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Old 10-16-2018, 10:32 AM   #12
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On FIREcalc, I put in 80,000 a year withdrawal rate, but you are right, I won't need to withdraw that much counting social security after 67, my pension and part-time work.
If you input your SS, pension, and PT income into FIRECalc it reduced your withdrawal rate as those other sources of income came on line.
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Old 10-16-2018, 10:51 AM   #13
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Without even doing the math... based on my own experience you have tons of money and shouldn’t have to worry. Just don’t go nuts and buy an airplane or stay at $1000/night hotel suites! 100% in equities... might want to make sure you’re diversified. I have very little in bonds right now because rates are still low and rising. I’m mostly in dividend stocks.
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Old 10-16-2018, 10:58 AM   #14
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On FIREcalc, I put in 80,000 a year withdrawal rate, but you are right, I won't need to withdraw that much counting social security after 67, my pension and part-time work.
Quote:
Originally Posted by REWahoo View Post
If you input your SS, pension, and PT income into FIRECalc it reduced your withdrawal rate as those other sources of income came on line.
OP, you are confusing spending with withdrawals.

If you spend $80,000 and have a $16,800 pension then your withdrawal would only be $63,200.

The FIRECalc input is what you spend, not what you withdraw... FIRECalc computes annual withdrawals based on what you input for spending, pensions and SS.
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Old 10-16-2018, 10:26 PM   #15
Confused about dryer sheets
 
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Thank you for your input and encouragement everyone. I have to figure out how to input the variables into the equation besides the withdrawal amount to do another calculation.
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Old 10-16-2018, 10:38 PM   #16
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Without even doing the math... based on my own experience you have tons of money and shouldn’t have to worry. Just don’t go nuts and buy an airplane or stay at $1000/night hotel suites! 100% in equities... might want to make sure you’re diversified. I have very little in bonds right now because rates are still low and rising. I’m mostly in dividend stocks.
Thank you for the cautionary advice:-), but I am very low maintenance. I drive cheap cars, wear Target and Sears clothes, live in a modest neighborhood. My biggest annual expenditure over the years has been about $15,000 to $20,000 spent traveling abroad two or three times a year. I am addicted to traveling and would love to do it full-time, and would like to do it while still "young" and physically able.

I have about $1 million tied up in a single stock, Cisco Systems, with cost basis of about $20. The rest is fairly well diversified in dividend paying stocks, with a few non-dividend paying ones, about 15% of the portfolio. I think Cisco is on the cusp of something transformative and big--knock on wood.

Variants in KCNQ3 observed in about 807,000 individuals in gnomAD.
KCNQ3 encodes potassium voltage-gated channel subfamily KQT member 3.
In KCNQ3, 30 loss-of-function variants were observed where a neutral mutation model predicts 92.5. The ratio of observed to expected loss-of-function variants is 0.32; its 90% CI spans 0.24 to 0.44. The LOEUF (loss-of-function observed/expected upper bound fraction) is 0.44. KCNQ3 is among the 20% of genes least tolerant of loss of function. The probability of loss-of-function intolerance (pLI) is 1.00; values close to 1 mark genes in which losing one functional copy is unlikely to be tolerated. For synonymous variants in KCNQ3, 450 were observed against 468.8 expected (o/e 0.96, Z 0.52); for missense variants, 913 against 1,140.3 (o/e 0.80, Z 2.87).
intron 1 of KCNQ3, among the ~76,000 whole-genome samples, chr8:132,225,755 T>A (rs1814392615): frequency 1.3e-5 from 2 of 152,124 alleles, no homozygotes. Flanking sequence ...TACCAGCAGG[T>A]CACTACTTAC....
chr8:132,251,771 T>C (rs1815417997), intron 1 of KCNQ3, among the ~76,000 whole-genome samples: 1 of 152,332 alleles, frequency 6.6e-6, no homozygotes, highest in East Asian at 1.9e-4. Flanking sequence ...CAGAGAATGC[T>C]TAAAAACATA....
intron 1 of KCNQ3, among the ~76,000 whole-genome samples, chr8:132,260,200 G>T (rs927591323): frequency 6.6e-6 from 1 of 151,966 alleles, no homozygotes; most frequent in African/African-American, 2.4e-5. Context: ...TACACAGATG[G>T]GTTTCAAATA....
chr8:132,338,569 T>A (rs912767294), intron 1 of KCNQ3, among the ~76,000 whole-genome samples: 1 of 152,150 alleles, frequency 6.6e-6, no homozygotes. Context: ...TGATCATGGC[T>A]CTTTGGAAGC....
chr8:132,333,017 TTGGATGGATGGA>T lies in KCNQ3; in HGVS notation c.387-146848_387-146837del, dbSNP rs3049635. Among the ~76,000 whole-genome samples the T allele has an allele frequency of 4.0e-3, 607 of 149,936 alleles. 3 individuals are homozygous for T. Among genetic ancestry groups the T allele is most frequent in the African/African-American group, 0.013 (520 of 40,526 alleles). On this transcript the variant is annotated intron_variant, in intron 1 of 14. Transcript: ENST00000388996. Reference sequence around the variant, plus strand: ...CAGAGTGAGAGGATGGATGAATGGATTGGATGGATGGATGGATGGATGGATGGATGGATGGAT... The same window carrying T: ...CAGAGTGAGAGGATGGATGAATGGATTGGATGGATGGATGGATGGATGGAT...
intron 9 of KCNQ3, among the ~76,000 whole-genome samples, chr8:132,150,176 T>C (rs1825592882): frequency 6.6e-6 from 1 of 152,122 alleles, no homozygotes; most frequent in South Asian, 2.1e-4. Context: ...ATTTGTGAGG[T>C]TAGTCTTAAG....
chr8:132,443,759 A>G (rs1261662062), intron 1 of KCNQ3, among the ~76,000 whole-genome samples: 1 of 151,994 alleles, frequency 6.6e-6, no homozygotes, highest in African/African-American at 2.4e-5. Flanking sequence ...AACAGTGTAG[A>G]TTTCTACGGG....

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Old 10-17-2018, 03:53 AM   #17
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Thank you for the cautionary advice:-), but I am very low maintenance. I drive cheap cars, wear Target and Sears clothes, live in a modest neighborhood. My biggest annual expenditure over the years has been about $15,000 to $20,000 spent traveling abroad two or three times a year. I am addicted to traveling and would love to do it full-time, and would like to do it while still "young" and physically able.



I have about $1 million tied up in a single stock, Cisco Systems, with cost basis of about $20. The rest is fairly well diversified in dividend paying stocks, with a few non-dividend paying ones, about 15% of the portfolio. I think Cisco is on the cusp of something transformative and big--knock on wood.

You are violating two tenets that most forum members hold dear: 1) holding 100% equities in retirement and 2) an extreme concentration of risk with your Cisco holding. I'd suggest you do some reading on these two issues.


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Old 10-17-2018, 04:23 AM   #18
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Should I feel financially safe in pulling the plug on my full-time job next year?
Welcome averagebum!

You should feel financially safe given your numbers as long as you keep spending in check. But I would convert the individual stocks into an index fund to minimize risk.
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Old 10-17-2018, 06:59 AM   #19
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You are violating two tenets that most forum members hold dear: 1) holding 100% equities in retirement and 2) an extreme concentration of risk with your Cisco holding. I'd suggest you do some reading on these two issues.


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I have to re-emphasize this point. Don't let the fact that you've been lucky so far make you think that any one stock is safe. Enron seemed too big to fail until they weren't. Washington Mutual was half again as big as Cisco is now when they went under. The only hedge against things like that is diversification.

And, as I tell my partner, if the entire economy collapses we'll have more to worry about than our retirement investments! But it doesn't seem worth losing out on gains by holding gold or massive amounts of supplies on that very extreme chance. However, the chance of any one company failing is much less remote.
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Old 10-17-2018, 07:53 AM   #20
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+1 Lack of diversification would be a huge concern for me... I'd be buying out of the money puts to protect myself.